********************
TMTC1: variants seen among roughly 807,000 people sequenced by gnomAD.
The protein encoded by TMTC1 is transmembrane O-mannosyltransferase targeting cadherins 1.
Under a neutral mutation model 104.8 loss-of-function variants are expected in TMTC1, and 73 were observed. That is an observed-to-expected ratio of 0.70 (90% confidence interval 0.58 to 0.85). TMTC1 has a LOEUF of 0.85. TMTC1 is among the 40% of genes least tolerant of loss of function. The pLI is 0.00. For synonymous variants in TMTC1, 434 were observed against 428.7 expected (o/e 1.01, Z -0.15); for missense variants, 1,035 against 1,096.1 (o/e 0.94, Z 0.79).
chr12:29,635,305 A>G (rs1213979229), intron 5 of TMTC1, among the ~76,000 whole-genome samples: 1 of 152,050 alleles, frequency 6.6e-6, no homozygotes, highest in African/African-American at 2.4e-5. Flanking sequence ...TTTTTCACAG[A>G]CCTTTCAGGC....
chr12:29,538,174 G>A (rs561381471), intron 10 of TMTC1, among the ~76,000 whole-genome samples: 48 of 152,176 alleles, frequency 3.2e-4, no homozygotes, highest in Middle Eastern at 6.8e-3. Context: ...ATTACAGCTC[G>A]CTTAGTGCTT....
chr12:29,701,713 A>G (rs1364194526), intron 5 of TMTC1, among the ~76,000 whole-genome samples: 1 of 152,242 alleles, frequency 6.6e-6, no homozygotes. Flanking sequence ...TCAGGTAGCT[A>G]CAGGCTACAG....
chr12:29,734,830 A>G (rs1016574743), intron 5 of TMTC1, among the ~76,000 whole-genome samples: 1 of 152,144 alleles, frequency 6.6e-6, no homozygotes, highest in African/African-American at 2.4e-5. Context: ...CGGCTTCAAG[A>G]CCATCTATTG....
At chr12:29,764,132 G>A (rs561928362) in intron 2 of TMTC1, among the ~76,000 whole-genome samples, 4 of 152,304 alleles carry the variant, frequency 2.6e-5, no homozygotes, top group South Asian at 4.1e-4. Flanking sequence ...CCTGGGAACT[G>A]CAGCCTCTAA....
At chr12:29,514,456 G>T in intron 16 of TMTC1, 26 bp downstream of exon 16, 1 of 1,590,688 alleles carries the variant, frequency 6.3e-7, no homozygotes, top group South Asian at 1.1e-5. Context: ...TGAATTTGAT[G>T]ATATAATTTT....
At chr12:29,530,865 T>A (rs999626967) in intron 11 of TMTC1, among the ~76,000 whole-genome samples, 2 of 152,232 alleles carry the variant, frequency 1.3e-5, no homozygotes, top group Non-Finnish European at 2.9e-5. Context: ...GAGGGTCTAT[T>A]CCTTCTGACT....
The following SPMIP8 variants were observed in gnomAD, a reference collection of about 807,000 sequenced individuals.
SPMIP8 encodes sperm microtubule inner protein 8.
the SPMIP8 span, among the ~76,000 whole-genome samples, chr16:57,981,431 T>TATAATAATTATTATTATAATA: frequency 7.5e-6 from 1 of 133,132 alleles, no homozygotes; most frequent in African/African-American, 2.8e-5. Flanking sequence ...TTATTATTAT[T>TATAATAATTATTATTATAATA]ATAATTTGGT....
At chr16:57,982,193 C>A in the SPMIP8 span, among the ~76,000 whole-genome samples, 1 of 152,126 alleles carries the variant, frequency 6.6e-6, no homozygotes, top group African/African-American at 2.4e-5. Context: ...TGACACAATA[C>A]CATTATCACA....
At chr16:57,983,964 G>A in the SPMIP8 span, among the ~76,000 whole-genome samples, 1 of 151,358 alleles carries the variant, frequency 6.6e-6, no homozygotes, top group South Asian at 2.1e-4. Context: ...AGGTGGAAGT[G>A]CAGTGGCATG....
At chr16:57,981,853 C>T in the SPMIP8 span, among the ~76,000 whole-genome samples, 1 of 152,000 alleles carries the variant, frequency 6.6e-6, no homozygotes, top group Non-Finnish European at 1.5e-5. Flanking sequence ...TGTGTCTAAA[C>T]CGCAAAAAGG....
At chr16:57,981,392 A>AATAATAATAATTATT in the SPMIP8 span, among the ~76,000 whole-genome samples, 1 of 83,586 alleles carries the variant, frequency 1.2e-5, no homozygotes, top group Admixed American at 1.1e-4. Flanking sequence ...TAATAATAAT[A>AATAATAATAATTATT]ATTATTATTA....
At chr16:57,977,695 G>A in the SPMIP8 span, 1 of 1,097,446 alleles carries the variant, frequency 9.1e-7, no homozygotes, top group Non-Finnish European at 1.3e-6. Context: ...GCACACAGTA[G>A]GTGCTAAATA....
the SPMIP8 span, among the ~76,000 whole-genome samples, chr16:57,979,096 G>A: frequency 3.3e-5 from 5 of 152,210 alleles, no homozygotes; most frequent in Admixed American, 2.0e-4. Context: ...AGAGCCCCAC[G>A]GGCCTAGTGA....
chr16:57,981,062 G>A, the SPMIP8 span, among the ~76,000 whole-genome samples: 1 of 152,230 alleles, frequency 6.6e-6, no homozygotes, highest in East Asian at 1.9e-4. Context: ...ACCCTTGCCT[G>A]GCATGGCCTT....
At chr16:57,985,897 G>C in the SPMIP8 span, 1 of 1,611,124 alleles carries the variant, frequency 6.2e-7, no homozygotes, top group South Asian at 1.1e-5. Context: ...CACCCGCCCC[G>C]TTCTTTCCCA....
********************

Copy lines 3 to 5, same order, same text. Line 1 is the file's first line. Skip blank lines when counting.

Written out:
Under a neutral mutation model 104.8 loss-of-function variants are expected in TMTC1, and 73 were observed. That is an observed-to-expected ratio of 0.70 (90% confidence interval 0.58 to 0.85). TMTC1 has a LOEUF of 0.85. TMTC1 is among the 40% of genes least tolerant of loss of function. The pLI is 0.00. For synonymous variants in TMTC1, 434 were observed against 428.7 expected (o/e 1.01, Z -0.15); for missense variants, 1,035 against 1,096.1 (o/e 0.94, Z 0.79).
chr12:29,635,305 A>G (rs1213979229), intron 5 of TMTC1, among the ~76,000 whole-genome samples: 1 of 152,050 alleles, frequency 6.6e-6, no homozygotes, highest in African/African-American at 2.4e-5. Flanking sequence ...TTTTTCACAG[A>G]CCTTTCAGGC....
chr12:29,538,174 G>A (rs561381471), intron 10 of TMTC1, among the ~76,000 whole-genome samples: 48 of 152,176 alleles, frequency 3.2e-4, no homozygotes, highest in Middle Eastern at 6.8e-3. Context: ...ATTACAGCTC[G>A]CTTAGTGCTT....